Dr. Suleman also notes the variety of training she received at Ross Vet. “Ross Vet has Ross University Veterinary Clinic (RUVC), so we get trained in clinical work, which is mostly small animals, farm animals, turtles, and other exotics. For those interested in working with zoo animals and other wildlife, Ross Vet offers a great pathway to those specialties through affiliate schools.”

Step 4: Complete your licensing requirements.

Passing the North American Veterinary Licensing Examination® (NAVLE®) is your next step to becoming a vet in Canada, and a requirement to practice veterinary medicine in both the United States and Canada. It is a multiple-choice exam administered by the International Council for Veterinary Assessment. The exam is offered throughout North America and at certain overseas testing centers. Says Dr. Suleman, “At Ross Vet, you sit for the NAVLE in your clinical year, you earn your DVM, and you’re ready to practice [with appropriate licensing].”

Step 5: Obtain additional training if you want to specialize.

If there is a specialty area of veterinary medicine you would like to pursue, you need to complete additional training through internships or residency programs. You can research your available opportunities through the Veterinary Internship & Residency Matching Program.

Dr. Cusmariu offers this advice on continuing your education journey: “Have a drive to learn and be able to study on your own. Learning never stops, even after you graduate. After a first job in one type of veterinary medicine, you may decide to switch to a specialty, so an always-learning mindset will serve you well.”

Step 6: Begin your career.

First, you may want to explore where you want to work. Spend time researching your different career options. Do you have a specific geographic location in mind? The average salary of a veterinarian in Canada or anywhere else depends on your specialty and where you practice. “Veterinarians in Canada are increasingly concerned with the current state of the veterinary profession and a severe shortage of veterinarians,” Jeong says. “This shortage represents a huge opportunity. Plus, there’s a growing demand for those with specialties. Do your research where veterinarians are most in demand and follow your journey for becoming a vet in Canada there. Then begin to reach out to your network. Contact your peers, instructors, and other vets you worked with while gaining school experience to get started. Or join a professional organization and connect.”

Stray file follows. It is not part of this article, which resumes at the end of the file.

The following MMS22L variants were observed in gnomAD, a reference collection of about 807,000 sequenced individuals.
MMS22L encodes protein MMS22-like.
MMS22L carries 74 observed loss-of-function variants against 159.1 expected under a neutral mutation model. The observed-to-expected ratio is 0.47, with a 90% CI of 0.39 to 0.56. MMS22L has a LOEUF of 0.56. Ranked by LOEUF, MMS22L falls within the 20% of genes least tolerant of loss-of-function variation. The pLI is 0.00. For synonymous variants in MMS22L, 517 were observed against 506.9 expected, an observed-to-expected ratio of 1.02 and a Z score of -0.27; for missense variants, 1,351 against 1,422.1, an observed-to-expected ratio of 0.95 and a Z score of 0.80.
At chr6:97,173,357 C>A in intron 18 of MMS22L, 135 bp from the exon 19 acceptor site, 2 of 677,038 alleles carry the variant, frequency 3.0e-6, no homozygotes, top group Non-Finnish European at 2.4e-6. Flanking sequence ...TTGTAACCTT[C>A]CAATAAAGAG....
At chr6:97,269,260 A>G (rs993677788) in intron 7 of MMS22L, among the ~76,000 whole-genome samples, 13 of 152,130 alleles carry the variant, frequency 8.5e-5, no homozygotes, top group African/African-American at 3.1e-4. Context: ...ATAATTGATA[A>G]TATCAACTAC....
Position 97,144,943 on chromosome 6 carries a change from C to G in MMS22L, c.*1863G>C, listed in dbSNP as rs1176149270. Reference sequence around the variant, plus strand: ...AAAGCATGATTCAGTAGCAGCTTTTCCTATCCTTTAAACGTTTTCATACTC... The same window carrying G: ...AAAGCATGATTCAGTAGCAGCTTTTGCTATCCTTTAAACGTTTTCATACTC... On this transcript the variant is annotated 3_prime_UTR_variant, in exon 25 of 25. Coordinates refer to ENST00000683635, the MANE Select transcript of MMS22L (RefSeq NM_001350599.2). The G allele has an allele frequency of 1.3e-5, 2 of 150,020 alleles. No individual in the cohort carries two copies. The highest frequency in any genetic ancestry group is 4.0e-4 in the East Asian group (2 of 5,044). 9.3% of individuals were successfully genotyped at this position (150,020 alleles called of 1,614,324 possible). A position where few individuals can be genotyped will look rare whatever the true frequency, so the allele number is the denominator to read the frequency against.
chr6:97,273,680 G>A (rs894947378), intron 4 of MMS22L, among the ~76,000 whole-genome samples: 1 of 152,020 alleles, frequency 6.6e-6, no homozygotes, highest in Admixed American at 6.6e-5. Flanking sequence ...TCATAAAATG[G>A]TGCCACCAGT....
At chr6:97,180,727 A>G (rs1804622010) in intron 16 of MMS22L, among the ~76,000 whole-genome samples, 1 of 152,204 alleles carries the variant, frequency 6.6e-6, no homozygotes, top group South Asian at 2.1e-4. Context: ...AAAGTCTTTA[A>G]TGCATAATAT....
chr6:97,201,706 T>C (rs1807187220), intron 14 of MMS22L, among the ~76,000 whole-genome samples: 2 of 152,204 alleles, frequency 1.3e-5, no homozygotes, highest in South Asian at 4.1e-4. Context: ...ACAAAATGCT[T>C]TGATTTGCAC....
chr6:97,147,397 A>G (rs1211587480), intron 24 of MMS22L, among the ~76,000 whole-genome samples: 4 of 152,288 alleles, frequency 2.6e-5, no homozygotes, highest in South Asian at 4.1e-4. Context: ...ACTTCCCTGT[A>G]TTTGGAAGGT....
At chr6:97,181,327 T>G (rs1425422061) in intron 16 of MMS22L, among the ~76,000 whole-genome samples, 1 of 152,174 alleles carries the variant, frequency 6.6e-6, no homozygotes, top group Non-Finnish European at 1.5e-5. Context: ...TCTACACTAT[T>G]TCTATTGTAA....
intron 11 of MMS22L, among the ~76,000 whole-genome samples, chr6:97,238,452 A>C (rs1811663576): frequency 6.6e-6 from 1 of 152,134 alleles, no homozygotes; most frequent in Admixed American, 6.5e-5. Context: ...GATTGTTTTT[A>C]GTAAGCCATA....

According to Dr. Cusmariu, there’s not much difference. “But diseases can be prominent in some areas and not even seen in others,” she says. “For instance, Florida is endemic for heartworm, and we rarely see it in Canada. But Lyme disease is prevalent in southern Ontario and the northern United States. However, it doesn’t exist in Alberta or Saskatoon. Veterinarians follow disease outbreaks closely, especially in light of the animal-to-human transfer of pathogens.”


The short answer is yes! In most cases, DVM graduates of AVMA-accredited vet schools can practice in Canada, regardless of their home country, after meeting additional requirements. After passing the NAVLE, internationally educated veterinarians — such as Ross Vet grads — petition for a Certificate of Qualification from the National Examining Board of the Canadian Veterinary Medical Association. If you’re not from an English-speaking nation, you’ll also need to prove your language proficiency. And, of course, you’ll need to obtain a visa to live and work in Canada. Qualified vets may be eligible for permanent residency through the Federal Skilled Worker Program.

Now that you have a better understanding of the steps to become a veterinarian in Canada, you may want to start getting your application ready. To strengthen your vet school application, have a look at our blog, How to Get Into Vet School. Also, check out the Ross Vet scholarships and financial options specific to Canadian students who apply and qualify, and read more about Dr. Suleman in her 2018 interview — when she was still a student at Ross Vet. And for Canadians and others from colder climates, take a minute to imagine living in St. Kitts for a couple years.

See yourself as a student at Ross Vet? Check out our DVM program and St. Kitts campus, or contact us for more information.

*Ross University School of Veterinary Medicine confers a Doctor of Veterinary Medicine (DVM) degree, which is accredited by the American Veterinary Medical Association Council on Education (AVMA COE), 1931 N. Meacham Road, Suite 100, Schaumburg, IL 60173, Tel: 800.248.2862. For more information, please visit 

The AVMA COE uses defined standards to evaluate veterinary medical education programs, including facilities, clinical resources, curriculum, faculty, student outcomes and research programs. The standards are interpreted and applied by the AVMA COE- accredited veterinary medical education programs in relation to its mission.